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Swiss economy grows as companies brace for currency headwinds

The Swiss economy grew twice as fast as economists forecast at the end of 2014, indicating resilience before the central bank scrapped a currency cap that was shielding exporters.

[ZURICH] The Swiss economy grew twice as fast as economists forecast at the end of 2014, indicating resilience before the central bank scrapped a currency cap that was shielding exporters.

Gross domestic product increased 0.6 per cent in the three months through December, after an upwardly revised 0.7 per cent a quarter earlier, the State Secretariat for Economic Affairs in Bern said in a statement on Tuesday. That's more than the 0.3 per cent median of 18 estimates in a Bloomberg News survey.

The economy was dealt a seismic shock on Jan. 15 when the Swiss National Bank announced it would no longer enforce its ceiling on the franc of 1.20 per euro and instead was increasing its charge on sight deposits. The move sent the franc soaring against the euro, a blow to exporters who ship a big portion of their goods to the currency region, and prompted economists to predict output would shrink for at least a few months in 2015.

"The first quarter of this year surely will be hit sharply by the strong franc," said Roland Klaeger, an economist at Raiffeisen Schweiz in Zurich. Even so, "things should slowly pick up in the second half of the year, and a recession for 2015 probably will be avoided."

Private and public consumption, as well as the balance of trade in goods, contributed to the rise in GDP in the fourth quarter, according to the data. Output rose 2 per cent in 2014, it showed.

Economic Tsunami The central bank hasn't yet issued a revised GDP estimate for this year following what one corporate executive termed a currency-market "tsunami." The SNB's previous prediction, issued in December when the cap was still in place, was for 2015 growth of about 2 per cent.

"Exports of goods were relatively strong in 2014, but that'll probably get weaker in 2015 because of the franc," said Maxime Botteron, an economist at Credit Suisse Group AG in Zurich.

Exports of goods increased 4.1 per cent last year, after a decline of 1 per cent in 2013.

"Industry in Switzerland is likely to stagnate, and the big question is what effect this will have on private consumption - we expect domestic demand to weaken, including companies not investing because of the currency shock," Mr Botteron said.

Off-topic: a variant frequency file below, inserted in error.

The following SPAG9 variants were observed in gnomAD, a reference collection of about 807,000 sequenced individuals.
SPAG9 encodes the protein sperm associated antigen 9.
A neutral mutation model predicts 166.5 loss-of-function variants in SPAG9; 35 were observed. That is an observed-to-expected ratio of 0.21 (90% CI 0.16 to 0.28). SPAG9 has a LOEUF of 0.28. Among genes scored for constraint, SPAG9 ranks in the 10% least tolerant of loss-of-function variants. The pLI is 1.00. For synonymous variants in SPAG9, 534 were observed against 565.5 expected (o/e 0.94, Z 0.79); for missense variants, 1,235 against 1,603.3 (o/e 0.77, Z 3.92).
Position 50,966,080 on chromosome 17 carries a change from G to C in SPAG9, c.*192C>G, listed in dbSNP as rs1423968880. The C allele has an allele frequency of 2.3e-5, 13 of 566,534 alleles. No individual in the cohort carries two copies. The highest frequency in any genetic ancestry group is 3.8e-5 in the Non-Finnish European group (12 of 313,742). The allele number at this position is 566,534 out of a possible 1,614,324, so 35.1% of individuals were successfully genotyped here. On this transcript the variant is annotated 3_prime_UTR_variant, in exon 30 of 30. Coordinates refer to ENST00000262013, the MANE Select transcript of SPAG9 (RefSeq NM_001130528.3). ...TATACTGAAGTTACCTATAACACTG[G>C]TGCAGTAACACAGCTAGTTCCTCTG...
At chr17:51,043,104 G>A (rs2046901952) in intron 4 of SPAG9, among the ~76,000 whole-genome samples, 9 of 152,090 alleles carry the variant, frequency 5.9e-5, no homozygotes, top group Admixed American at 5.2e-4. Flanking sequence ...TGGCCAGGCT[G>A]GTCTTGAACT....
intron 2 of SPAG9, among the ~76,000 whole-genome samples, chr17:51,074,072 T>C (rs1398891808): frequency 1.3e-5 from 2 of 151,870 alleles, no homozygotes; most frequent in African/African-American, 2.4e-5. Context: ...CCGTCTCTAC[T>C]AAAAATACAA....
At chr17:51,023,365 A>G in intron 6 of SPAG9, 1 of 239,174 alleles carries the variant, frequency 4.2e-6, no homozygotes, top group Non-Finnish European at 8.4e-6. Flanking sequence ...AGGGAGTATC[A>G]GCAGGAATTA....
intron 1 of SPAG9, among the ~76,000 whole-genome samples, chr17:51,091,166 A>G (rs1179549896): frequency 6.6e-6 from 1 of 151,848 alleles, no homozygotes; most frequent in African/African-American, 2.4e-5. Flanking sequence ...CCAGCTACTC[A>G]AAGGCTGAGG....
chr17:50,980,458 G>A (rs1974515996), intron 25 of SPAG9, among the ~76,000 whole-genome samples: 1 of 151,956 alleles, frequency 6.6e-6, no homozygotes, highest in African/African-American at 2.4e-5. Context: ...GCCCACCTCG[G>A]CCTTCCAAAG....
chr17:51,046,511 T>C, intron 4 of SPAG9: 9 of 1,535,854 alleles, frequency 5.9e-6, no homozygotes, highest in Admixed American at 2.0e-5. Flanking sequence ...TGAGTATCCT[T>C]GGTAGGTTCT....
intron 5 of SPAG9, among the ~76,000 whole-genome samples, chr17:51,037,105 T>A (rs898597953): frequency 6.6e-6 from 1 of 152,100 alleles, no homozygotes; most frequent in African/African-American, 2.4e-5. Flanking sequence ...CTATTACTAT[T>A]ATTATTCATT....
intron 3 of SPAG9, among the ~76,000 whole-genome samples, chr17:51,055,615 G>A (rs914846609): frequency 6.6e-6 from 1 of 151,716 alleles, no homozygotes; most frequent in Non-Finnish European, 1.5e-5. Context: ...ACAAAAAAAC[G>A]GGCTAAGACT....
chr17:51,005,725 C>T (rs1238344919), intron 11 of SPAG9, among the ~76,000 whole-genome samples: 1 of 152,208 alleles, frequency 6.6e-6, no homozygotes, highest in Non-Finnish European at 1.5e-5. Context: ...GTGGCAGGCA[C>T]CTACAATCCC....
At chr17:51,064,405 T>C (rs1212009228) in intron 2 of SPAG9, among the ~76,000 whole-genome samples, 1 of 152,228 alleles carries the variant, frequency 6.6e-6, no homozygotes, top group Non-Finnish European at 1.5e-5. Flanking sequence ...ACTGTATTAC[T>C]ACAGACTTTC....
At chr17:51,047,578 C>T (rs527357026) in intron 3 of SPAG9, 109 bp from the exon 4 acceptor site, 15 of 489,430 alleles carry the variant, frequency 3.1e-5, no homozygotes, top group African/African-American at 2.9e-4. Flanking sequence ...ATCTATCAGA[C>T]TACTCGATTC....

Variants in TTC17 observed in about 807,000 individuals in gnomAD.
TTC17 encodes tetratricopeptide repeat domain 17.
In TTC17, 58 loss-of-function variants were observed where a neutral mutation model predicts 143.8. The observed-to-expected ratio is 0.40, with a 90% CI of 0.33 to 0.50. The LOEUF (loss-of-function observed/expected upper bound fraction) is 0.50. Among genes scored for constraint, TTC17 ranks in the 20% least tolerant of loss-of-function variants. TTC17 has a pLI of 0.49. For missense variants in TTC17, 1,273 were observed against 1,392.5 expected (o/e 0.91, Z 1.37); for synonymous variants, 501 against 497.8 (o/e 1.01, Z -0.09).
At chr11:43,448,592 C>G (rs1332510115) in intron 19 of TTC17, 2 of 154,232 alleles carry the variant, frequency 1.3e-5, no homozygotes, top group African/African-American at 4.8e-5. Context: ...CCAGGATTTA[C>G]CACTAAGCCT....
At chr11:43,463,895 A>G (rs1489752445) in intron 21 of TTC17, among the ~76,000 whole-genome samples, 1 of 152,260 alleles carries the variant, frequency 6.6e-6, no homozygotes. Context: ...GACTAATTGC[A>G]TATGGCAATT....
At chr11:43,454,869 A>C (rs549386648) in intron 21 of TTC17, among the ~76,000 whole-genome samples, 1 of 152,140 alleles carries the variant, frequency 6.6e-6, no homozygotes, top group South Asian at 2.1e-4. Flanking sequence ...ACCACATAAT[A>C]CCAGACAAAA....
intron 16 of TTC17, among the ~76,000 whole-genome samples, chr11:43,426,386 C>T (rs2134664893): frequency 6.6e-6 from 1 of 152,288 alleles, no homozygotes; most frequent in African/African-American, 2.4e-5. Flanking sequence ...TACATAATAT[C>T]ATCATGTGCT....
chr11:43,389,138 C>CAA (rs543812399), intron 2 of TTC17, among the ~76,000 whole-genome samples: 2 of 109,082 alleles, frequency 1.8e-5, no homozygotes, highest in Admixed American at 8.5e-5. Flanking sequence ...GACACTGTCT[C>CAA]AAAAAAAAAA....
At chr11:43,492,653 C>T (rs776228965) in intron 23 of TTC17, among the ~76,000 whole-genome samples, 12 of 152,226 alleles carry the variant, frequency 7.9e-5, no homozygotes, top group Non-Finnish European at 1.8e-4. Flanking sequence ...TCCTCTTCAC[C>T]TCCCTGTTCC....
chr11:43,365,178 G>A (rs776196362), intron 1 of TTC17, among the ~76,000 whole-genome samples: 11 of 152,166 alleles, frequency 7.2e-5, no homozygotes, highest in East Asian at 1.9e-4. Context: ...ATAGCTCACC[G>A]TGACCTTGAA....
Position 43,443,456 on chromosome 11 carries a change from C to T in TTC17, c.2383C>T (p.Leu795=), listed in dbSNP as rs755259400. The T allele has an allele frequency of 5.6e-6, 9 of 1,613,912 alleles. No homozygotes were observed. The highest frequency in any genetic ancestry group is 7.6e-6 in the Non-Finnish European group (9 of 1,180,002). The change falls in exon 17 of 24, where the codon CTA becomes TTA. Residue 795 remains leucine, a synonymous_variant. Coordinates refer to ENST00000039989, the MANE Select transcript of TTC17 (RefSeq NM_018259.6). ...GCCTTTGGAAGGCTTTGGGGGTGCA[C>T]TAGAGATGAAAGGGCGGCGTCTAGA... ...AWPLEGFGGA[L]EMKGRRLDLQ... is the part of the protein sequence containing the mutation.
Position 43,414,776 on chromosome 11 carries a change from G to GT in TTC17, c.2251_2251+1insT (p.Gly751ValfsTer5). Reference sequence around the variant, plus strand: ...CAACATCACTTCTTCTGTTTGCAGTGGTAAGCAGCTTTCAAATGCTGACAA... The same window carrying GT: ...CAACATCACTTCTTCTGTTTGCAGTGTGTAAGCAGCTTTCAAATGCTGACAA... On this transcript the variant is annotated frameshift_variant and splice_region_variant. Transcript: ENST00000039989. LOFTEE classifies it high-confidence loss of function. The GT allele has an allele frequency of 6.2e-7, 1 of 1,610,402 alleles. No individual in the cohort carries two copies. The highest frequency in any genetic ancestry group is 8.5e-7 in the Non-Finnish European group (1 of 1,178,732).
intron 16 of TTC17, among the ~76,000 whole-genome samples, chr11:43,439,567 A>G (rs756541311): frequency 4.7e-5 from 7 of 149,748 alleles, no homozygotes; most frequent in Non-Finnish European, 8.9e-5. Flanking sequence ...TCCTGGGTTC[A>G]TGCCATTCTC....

Alternate SNB Governing Board Member Thomas Moser said in a speech in St Gallen last week he was "optimistic" that while Switzerland would suffer a big drop in growth in 2015, it wouldn't slip into a "deep" recession.

Economists surveyed by Bloomberg don't see a recession this year. Output is seen rising just 0.1 per cent in the first quarter and then declining 0.2 per cent in the second, according to the poll. Growth will return in the second half, bringing the annual increase to 0.9 per cent.

SNB officials are scheduled to publish new forecasts at their next monetary-policy review on March 19, and will also hold a press briefing that day in an unusual move. Economists surveyed by Bloomberg News in February said the central bank could cut its deposit rate, currently at minus 0.75 per cent, to counter weakening economic momentum.

SNB President Thomas Jordan stoked speculation about further rate cuts last month by telling Swiss radio SRF that the franc was "clearly overvalued" and there was room for an even lower rate.

The franc has increased 12 per cent against the euro so far this year. The currency was little changed at 1.0728 per euro at 8:20 am in Zurich, while against the dollar it stood at 95.73 centimes.

In what could well signal the extent of the economic slowdown, Switzerland's purchasing managers' index that gauges manufacturing output has signaled contraction for the last two months. Industrial output, much of which involves the production of technically sophisticated machines, accounts for about 19 per cent of GDP.

To support companies struggling with the strong franc, the Swiss government has modified the rules under which they may claim benefits for employees' reduced working hours, known as Kurzarbeit in German, to include fluctuations in the exchange rate. A fiscal-stimulus program isn't envisioned at this point, the government has said.

Adding to the downside risks to growth are plans to limit immigration, which has been a chief support of domestic demand. The Swiss voted a year ago to impose a quota system for newly arriving immigrants from the European Union, who currently enjoy free entry. The government has yet to announce how strictly it will implement the restrictions, which would contravene a treaty with the EU, potentially causing a deterioration in trade relations.